Reading Alastair’s libretto alone, won’t unravel such paradoxes.  Indeed, its combination of quasi-Symbolist excess, complex wordplay and the classical poise of ancient Greek tragedy makes for a heady mix.  Beira’s appeal to her fellow elder Neachneohain, “You must speak for us, now/ Speak for we who are silent”, has the rhythmic dignity of ritual.  At the end of Act 1, when Rowan has agreed to descend “into the depths of the code”, she and the elders sing of “a clearing in the forest, pricked a bear-shin with bores.  Branches/ pulled the birch to bent curves’/ proscenium.  Baroque ivy,/ bone notes.  Heels batter the mushroom patch.”  So dense is the imagery that it’s hard to separate shape from sound from smell from texture.  At times, words seem to literally transform before one’s eyes, as when Rowan describes the screens behind the airport which show “goat-horns of bog-myrtle,/ bluebell, bell-heather, bog-bean, grain.”  Rowan recalls how she has spent 30 years learning “the shapes of motion and change”, to create the map: “Desk-toil traced your hind legs in bridges,/ torso of sewers, drainage and aqueduct./ Tollcross. Crag rock. Cobblestone. Bus stop. […] Looped lines of circles knit, entwine./ Stitch tendons to the bit of spine by/ telephone boxes, butcher-shops, the grocer’s window.”  Here, the words are like physical matter, archaeological relics, unearthed, becoming something new – as EDINBURGH’s interjections confirm: “Unceasing motion./ Shifting polygons. […] Turning earth.”

‘Song of Heather’ from ROBE

The Storyteller’s first description of the ROBE embodies this shape-shifting, time-travelling web of contingencies perfectly:

The ROBE be a wrap of red and speech,
               reams of data folded through the hemlines.
               Song of the Wavefunction
               strange fleet silence
flushed to mud like bleach.

I ask Alastair what I hope doesn’t seem an impertinent question: why does he describe ROBE as an ‘opera’, apart from the inherent hybridity of that art form?  He explains that ROBE is based upon existing traditions and strategies, inherited traditions, including notation.  “Act 1 comprises speech, answers and interruptions; in Act 2 this is reassembled into meaning.”  The musical score is highly structured, employing eight 12-note all-interval mirror chords, which Alastair has described as ‘those which contain a tritone at their centre and repeat their intervals in inversion on either side, either as perfect retrogrades or perfect repeats.  Synchronically, these imply a single structure in motion in that they map an emergence of structure from the chromatic scale … diachronically, they give a plurality of perspectives on a single object: they thus simultaneously suggest unreconciled plurality and fundamental unity.’  This is EDINBURGH’s “turning earth”, the “down-depth of endless divisibility.”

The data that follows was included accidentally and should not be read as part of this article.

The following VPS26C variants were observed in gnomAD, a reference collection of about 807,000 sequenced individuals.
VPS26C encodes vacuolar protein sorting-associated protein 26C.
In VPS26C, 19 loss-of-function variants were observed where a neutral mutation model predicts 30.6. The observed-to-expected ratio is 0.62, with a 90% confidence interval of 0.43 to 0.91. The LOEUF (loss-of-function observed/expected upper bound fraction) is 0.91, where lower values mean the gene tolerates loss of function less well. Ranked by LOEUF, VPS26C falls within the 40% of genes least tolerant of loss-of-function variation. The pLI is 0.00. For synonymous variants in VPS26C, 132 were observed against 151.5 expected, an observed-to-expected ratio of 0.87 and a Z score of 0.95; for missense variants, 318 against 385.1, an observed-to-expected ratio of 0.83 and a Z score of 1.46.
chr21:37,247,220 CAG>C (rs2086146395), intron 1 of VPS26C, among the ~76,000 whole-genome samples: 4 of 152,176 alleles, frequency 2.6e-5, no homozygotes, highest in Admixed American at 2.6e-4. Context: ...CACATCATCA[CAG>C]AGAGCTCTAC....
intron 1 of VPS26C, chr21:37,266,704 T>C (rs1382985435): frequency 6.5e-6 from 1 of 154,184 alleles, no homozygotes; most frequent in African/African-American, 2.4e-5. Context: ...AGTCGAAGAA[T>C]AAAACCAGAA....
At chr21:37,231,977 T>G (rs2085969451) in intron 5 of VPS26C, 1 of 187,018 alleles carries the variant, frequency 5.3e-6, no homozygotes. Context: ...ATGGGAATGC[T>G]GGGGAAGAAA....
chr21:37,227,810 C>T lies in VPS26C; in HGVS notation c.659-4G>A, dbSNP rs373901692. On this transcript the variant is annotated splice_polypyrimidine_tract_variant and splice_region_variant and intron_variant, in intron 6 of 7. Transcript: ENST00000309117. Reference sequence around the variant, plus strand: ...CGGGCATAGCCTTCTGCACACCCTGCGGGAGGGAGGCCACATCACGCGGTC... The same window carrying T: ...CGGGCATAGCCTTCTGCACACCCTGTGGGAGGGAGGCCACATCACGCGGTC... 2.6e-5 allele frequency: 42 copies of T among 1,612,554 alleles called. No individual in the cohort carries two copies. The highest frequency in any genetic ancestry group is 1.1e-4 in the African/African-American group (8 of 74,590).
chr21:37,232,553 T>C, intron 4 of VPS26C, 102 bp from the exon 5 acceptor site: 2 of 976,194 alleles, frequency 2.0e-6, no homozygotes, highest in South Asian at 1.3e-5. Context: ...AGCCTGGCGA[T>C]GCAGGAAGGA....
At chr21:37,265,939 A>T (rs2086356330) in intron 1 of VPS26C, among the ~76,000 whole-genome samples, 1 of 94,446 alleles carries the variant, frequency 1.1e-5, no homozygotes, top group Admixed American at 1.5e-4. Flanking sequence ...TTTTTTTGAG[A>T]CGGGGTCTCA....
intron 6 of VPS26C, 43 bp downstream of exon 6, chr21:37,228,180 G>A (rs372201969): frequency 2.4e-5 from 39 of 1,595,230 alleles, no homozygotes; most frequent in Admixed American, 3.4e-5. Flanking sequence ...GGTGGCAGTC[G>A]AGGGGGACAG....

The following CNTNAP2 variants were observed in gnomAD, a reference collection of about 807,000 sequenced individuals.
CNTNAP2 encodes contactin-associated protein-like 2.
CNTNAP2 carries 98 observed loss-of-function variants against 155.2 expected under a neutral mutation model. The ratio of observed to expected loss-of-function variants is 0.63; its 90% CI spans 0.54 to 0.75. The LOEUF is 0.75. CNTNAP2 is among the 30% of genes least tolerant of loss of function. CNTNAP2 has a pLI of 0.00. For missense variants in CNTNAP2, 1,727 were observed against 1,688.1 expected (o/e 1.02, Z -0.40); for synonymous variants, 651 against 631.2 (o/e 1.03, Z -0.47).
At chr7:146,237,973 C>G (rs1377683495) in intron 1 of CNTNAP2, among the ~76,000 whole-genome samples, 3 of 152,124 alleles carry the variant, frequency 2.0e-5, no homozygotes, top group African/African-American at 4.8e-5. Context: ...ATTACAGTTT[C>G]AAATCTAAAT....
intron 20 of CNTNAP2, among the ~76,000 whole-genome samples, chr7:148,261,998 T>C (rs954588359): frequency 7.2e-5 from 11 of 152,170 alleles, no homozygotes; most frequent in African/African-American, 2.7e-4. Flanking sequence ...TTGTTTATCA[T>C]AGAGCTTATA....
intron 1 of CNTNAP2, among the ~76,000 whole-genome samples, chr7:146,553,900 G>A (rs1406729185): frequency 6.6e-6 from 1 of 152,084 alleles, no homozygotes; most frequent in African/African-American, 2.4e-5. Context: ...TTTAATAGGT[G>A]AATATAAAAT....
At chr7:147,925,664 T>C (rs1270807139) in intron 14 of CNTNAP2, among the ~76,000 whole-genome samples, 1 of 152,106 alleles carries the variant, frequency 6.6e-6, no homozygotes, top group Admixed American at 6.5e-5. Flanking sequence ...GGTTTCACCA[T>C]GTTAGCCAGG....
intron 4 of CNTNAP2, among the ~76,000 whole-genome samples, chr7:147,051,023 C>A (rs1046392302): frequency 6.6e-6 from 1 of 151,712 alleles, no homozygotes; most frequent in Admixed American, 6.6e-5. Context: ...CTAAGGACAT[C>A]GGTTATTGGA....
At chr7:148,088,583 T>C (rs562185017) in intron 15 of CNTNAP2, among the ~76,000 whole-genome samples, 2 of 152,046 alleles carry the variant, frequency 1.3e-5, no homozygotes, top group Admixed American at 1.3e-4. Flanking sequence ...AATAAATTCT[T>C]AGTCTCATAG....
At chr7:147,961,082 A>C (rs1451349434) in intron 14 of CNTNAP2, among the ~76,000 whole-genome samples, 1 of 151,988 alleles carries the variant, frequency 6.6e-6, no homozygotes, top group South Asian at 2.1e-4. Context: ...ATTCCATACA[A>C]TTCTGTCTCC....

Jenni Hogan (flute)

If this sounds somewhat schematic, the sonic experience of the score is anything but.  There is simplicity – a single, angular vocal line, fractured by explosive percussive piano stabs, for example – and complexity, with melodies leaping high and low against hyperactive piano kaleidoscopes.  There is stillness – a repeating piano tone chaining the voice – which is fraught with restlessness, as a flute gabbles and gibbers, slithery yet spiky, around the vocal line.  The storyteller’s mythic tale has a folksy lyricism at times, the sense of the ‘antique’ enhanced by the flute’s discursive elaborations.  When the Storyteller sings of the Warlord Q-el, “upon the battlefield … knackered and filthy”, the musical and verbal images of violence have a strange beauty.  Voices occasionally elide in expected harmonic sweetness, only to be abruptly rent apart as the circles keep turning.  EDINBURGH’s depths of data and abstraction are rendered by the voices of Beira and Neachneohain which come together, cohere and pull apart.  At the close, Beira’s vision – a stratospheric beam of vocal light which arches, ducks and weaves – is followed by Rowan’s epilogue, in which the hint of a chronological tick in the piano’s low ostinato thud is challenged by the meandering monotones of voice and flute.  Rowan finally realises that what she had created was not a map but a city, human, pulsing, real.  Herself.  Quietly but surely, her unaccompanied voice invites us to “look – closely,/ Out of the corner of your eye … and the sky is red, red,/ Edinburgh-red”.  It feels both cathartic and complete.

Thomas Page (c) Claire Shovelton

When ROBE was premiered at The Place in 2019, the four singers were positioned on individual raised daises and the performance involved four dancers.  The costumes, by Irish designer Michael Stewart, were taken from his 2017 RCA Graduate Collection which was inspired by the notion of ‘ancient futures’.  I wonder if Alastair has any clear vision of the opera in performance, whether any instructions are included in the libretto or score, and how the choreography relates to the music and drama?  Dance is built into the structure of the music and the drama, he confirms, and this seems inevitable and natural if the opera is embodying the motions of physical matter in time and space.  But, Alastair adds, the pluralities are not “for plurality’s sake, the aim is to transcend them.  ROBE dramatises contingency; it tries to capture it without neutralising its potential.” 

Space and time; stillness and motion; plurality and union; fixity and contingency: ROBE attempts to enable such dualities and relationships to be experienced through a synthesis of word, music, movement and image, in the theatre.

An image comes to mind, from Ali Smith’s 2001 novel, Hotel World, of one character, Lise, sick, at home, losing track of minutes, days, months.  She thinks back to her days working as a receptionist at the Global Hotel, counting off the five hours until the end of her shift: ‘She watches to see if she can catch the number on the clock changing itself again.  But she looks away, just for the mere split of a second, and when she looks back it’s already 6.56pm, without her having seen any of it happen or felt any of it pass.

Alastair Whites ROBE was released in February 2021 and is available from Divine Art Records.

Claire Seymour

ABOVE: Rosie Middleton, Sarah Parkin (c) Astrid Kearney